Over the years, the formal NIEHS-supported training program has served to facilitate the interaction of the participating faculty and students and has led to the development of numerous collaborative projects. One project that arose from the collaboration efforts of the toxicology-training faculty and has had an immense impact on our training program was the development of the Center for the Research on Environmental Disease (CRED). Dr. John DiGiovanni of UTMDACC-SPRD spearheaded the development of the CRED and served as the Director and Principal Investigator of this NIEHS funded P30 Center from its initial award in 1996 to the present. The CRED involves members from the UTMDACC (Houston and Smithville) and UT-Austin. All toxicology training faculty are active P30 Center members. The Center grant strengthens research collaborations among the members by supporting facility cores that provide technical expertise and advanced instrumentation to scientists on participating campuses. In addition, the CRED also provides resources to promote collaborative pilot projects in areas that support the mission of the NIEHS. The formation of the CRED has played a significant role in the success of faculty and student research over the last 14 years. One of the greatest benefits is that the CRED continually supports the inclusion of new technologies and ideas to provide its member scientists the ability to maintain a state-of-the art research program. An example of this has been the recent NIH/NIEHS focus on translation science. In response to this focus, the CRED developed a new integrative health sciences core to provide infrastructure and an interactive environment to promote and facilitate productive collaborations among environmental health, population, basic, and clinical scientists to test cutting-edge hypotheses in integrative translational research on environmental disease. The faculty and staff of the integrative health sciences core come from both UTMDACC and new CRED faculty participants from the University of Texas School of Public Health (UTSPH) who have extensive experience in conducting population-based research. All center members now have access to populations, biospecimen repositories, and data banks from population-based and clinical studies. The access afforded to our trainees and training faculty to these expert environmental and health sciences faculty and highly trained technical personnel, as well as to state-of-the-art equipment and infrastructure encourages and supports our training faculty to incorporate translational integrative approaches into their research and training of students.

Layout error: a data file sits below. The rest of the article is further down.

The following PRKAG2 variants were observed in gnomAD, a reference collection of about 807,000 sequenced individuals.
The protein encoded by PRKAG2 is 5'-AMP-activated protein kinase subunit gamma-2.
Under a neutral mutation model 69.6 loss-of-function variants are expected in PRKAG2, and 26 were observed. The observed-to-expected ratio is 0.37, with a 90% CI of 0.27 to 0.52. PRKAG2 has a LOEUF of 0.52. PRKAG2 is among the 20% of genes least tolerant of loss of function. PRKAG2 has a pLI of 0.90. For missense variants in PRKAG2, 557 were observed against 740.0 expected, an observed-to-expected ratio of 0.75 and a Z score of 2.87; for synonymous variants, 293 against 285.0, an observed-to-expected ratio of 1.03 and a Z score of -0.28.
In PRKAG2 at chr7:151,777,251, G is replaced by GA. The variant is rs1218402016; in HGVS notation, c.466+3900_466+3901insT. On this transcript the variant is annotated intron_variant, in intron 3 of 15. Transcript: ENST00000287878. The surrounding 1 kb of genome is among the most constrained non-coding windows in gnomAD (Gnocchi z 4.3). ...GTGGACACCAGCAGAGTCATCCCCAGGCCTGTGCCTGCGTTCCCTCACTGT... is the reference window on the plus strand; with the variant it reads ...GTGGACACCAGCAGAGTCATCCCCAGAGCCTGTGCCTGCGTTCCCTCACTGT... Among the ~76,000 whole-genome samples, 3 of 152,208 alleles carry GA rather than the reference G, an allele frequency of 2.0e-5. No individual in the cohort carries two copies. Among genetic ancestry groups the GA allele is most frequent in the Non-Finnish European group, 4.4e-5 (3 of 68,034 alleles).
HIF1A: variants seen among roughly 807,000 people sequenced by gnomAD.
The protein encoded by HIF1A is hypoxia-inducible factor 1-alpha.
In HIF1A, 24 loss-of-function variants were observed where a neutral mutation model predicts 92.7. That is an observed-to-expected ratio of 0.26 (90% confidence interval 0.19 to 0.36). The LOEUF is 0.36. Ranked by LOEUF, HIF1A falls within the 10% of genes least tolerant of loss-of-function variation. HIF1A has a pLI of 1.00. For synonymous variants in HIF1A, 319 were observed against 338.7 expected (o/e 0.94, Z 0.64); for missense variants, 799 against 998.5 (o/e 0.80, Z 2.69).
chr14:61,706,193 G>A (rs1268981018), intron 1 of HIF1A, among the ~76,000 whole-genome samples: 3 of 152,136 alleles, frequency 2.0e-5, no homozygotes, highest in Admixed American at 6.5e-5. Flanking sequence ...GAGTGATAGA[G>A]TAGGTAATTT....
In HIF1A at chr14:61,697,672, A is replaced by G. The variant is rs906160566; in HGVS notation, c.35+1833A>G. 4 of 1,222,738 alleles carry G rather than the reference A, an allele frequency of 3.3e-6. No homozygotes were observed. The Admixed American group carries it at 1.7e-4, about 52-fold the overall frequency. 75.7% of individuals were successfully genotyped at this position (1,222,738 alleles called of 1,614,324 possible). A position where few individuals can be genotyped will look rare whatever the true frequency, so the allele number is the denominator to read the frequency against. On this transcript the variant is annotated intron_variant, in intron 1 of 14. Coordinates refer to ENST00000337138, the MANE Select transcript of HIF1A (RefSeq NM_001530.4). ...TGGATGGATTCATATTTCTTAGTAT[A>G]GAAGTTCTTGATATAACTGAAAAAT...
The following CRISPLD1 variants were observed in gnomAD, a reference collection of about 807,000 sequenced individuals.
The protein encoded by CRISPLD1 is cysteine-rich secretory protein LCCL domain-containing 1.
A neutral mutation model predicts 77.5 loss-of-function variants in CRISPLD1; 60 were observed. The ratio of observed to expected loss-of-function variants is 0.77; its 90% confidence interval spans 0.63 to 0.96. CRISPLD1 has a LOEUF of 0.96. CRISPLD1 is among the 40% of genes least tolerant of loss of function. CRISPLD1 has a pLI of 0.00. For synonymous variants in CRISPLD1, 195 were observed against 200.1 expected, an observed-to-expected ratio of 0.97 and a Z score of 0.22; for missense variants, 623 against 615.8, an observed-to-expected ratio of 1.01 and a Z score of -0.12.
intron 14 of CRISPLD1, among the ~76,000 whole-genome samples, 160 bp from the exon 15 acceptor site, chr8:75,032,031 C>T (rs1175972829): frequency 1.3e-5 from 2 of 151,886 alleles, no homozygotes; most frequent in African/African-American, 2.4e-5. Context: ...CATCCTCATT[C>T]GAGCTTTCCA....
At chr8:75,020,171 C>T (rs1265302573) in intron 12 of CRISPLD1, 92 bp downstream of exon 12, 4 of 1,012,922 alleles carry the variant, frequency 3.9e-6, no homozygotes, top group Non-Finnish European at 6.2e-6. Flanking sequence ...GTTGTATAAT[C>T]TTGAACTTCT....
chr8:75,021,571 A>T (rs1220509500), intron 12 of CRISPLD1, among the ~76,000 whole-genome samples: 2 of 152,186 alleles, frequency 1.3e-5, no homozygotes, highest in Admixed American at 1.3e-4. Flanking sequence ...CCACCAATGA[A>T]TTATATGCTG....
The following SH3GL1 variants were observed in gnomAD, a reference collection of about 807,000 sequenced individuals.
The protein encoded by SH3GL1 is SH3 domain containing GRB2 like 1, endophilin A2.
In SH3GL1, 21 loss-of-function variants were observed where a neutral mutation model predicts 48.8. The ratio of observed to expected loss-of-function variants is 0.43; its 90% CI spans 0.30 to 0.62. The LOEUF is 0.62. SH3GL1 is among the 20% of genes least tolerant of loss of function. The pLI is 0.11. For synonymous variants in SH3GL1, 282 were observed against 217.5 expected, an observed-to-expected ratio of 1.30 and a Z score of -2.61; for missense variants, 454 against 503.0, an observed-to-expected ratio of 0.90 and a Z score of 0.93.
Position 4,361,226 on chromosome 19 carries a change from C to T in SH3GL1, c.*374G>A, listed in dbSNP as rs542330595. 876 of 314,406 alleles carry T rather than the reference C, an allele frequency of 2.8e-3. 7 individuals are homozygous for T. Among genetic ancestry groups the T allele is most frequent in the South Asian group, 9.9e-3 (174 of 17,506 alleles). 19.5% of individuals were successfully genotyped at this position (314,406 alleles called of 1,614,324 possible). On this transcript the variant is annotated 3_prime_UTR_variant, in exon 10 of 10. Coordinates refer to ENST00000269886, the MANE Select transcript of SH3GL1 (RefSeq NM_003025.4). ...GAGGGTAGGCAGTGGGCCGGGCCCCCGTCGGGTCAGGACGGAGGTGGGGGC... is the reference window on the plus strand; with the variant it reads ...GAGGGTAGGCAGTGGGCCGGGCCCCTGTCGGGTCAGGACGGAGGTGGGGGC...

Another example of a project that arose from the collaboration of the training faculty is the Summer Undergraduate Training Program (SURP), established 1996 with a focus on the training of minority students and actively supported by a T35 grant from the NIH/NIEHS for ten years. Regrettably, NIH ended this funding mechanism for minority undergraduate research experiences. However, in 2007, Dr. Richburg and Dr. Fuchs-Young collaborated as co-investigators to successfully garner support for the SURP by the R25 STEER grant mechanism. The SURP provides structured laboratory experiences for undergraduate students as well as a variety of career development activities. More than 210 students have participated in the SURP since its inception in 1996. The vast majority of these students subsequently entered graduate programs in toxicology or related biomedical sciences. The summer training of undergraduate students, and in particular minority students, continues to be highly supported by our toxicology-training faculty as a mechanism to foster the interest of students towards a career in toxicology or related biomedical sciences.